Outside observers have long expected public transport to come up with a suitable online trading platform that better matches supply and demand, and a price and the relevant service, not necessarily running on fixed routes. Uber knows a thing or two about doing that. Whilst the new capability it is offering uses the language of charters and hires, it’s not a million miles from “normal” public transport. There are many people who have regular patterns of travel to work and school - and even leisure events - who might be in the market for bespoke shared transport arrangements by new suppliers. Buses could be moving all day long - switching between groups of customers, and to carry them the driver would simply need the relevant instructions via the app on his or her phone - at least for a few more years until we don’t need drivers! Some analysts estimate that the yield from the assets would be 3x or 4x the level of today.
Uber Charter, one of the products announced this week, will include vans, mini-buses, and full-size coaches. Simply dominating the bus charter business is probably not particularly interesting to Uber, but it’s an entry point to feeding value back into their super app. They could start Uber Pool with buses, and go into urban transportation, including commuting and leisure. It’s a big agenda, but it starts to look quite interesting and reflects those early indications of the direction they have been moving in.
This is a step on a journey, which of course might not be a smooth one, although it is a bet Uber clearly wants to make. Uber is pretty reliable, but a percentage of journeys don’t go as planned.
When you’re taking 60 people to work and something goes wrong, it’s a much more high-profile service failure. But Uber - and its AI systems - will learn, so it has to start somewhere. Sidecar, Uber’s previous competitor, was moving into this space in 2015 and didn’t make it. But they only raised $37 million in funding, which is a trivial amount for Uber. Rally (Uber for buses) has also been operating a similar model to Uber Pool since around 2015.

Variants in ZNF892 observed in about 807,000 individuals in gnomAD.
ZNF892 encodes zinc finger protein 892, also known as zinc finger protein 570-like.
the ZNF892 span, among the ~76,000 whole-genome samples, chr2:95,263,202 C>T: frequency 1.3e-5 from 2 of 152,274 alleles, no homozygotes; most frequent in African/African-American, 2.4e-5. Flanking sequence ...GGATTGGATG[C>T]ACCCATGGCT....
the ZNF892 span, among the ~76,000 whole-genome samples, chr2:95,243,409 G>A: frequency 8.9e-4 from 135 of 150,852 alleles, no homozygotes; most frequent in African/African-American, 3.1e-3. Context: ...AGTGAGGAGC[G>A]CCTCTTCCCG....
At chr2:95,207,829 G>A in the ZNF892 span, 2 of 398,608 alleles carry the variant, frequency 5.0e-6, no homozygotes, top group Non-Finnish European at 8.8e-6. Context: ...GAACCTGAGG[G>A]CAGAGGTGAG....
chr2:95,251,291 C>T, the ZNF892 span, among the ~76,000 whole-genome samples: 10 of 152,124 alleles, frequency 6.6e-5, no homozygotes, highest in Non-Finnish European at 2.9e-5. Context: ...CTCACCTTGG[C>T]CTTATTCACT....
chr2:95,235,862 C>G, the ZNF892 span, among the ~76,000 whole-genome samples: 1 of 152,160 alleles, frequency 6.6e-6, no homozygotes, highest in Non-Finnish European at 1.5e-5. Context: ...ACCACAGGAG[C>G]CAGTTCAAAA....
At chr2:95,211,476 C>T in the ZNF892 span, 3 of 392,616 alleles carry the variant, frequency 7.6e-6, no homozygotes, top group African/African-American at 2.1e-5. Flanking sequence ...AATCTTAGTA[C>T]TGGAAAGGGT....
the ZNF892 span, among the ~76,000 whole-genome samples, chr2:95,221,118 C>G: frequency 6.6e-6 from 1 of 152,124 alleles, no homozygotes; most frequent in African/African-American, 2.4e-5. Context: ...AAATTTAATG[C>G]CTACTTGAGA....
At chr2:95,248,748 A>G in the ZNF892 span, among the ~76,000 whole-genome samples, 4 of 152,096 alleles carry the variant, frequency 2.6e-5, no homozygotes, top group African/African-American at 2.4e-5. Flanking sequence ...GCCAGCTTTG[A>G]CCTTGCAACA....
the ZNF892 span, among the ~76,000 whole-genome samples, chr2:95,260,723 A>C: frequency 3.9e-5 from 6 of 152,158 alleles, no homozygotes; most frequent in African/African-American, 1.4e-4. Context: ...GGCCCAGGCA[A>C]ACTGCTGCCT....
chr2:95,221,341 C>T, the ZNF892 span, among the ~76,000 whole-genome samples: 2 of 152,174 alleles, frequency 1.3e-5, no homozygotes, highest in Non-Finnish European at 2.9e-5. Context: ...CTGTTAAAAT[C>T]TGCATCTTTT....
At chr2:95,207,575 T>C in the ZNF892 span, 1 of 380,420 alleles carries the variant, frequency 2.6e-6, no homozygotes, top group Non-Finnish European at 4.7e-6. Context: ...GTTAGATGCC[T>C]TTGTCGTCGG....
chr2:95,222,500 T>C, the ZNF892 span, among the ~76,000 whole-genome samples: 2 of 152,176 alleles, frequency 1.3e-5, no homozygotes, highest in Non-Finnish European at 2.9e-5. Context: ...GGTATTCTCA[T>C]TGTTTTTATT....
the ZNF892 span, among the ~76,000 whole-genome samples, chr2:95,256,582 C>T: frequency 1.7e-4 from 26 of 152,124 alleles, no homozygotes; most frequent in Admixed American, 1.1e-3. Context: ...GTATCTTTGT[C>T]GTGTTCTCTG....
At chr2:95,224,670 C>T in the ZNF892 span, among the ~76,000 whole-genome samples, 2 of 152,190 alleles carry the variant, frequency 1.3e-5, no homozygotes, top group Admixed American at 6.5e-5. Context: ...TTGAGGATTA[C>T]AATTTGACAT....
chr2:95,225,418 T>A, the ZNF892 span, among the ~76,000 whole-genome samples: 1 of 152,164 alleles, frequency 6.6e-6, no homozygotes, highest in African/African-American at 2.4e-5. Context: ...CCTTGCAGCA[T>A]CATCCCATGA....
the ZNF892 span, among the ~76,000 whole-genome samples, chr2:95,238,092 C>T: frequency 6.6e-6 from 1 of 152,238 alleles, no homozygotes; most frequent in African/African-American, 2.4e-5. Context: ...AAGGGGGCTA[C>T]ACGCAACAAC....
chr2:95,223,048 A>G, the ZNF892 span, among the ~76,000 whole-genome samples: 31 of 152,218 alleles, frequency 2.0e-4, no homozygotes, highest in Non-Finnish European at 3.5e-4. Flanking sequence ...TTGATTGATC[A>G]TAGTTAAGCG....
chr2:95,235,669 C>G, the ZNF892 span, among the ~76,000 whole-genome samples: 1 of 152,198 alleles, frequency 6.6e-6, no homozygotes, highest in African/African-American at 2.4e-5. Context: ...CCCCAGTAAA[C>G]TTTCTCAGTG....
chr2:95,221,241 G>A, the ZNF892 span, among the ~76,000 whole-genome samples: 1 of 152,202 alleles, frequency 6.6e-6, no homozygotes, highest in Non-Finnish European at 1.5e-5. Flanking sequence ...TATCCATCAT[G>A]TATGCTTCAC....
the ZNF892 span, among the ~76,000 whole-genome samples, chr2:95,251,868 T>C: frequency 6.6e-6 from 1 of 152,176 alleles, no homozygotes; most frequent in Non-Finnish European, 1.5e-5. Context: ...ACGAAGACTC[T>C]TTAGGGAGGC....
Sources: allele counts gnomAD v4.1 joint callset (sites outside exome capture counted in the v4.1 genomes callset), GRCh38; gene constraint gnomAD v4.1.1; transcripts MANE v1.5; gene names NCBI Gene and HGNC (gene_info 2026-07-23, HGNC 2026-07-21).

Such business moves are almost always about timing. This latest one from Uber has significant potential implications. Might it suit the fragile current state of the UK bus industry? It’s really going to depend on how far the company wants to take it. If they continue down the path, they’ll end up with direct connections to multiple fleets, providing work for expensive assets, and systems to communicate directly with drivers. And the platform will get more efficient with every booking, as Uber gets to know lots and lots about desired travel patterns.
Uber is not quite the same company it was - it’s had major ups and downs - and dealt with commercial and political imperatives to change. The leadership is different now and as a product, Uber (car) is hard to argue with. It succeeded because it’s just clearly more available and efficient than the taxi system.
What Uber will be looking for in the collective transport market is just their 10% fee, without the need to own any vehicle assets - and it might be a well justified return for the potential they unlock.
With the right plan, Uber could dominate - and potentially develop - the shared travel market. It might be a good thing for the mobility equation and the users too - except in the eyes of those who adulate traditional route-based public transport or worry about all powerful and all-knowing tech giants getting too big for their boots. The whole regulatory and supervisory framework for public transport would need to be rethought.
Perhaps the motivation for that would be changing how customers get easier and more attractive access to non-car travel and a few million cars replaced by a few thousand buses, creating a fraction of the CO2. Uber pockets a nice fee to add to the already healthy cash flow they are predicting for the existing business going forward. If anyone is going to shake up this market, Uber might be the most likely candidate. Watch this space.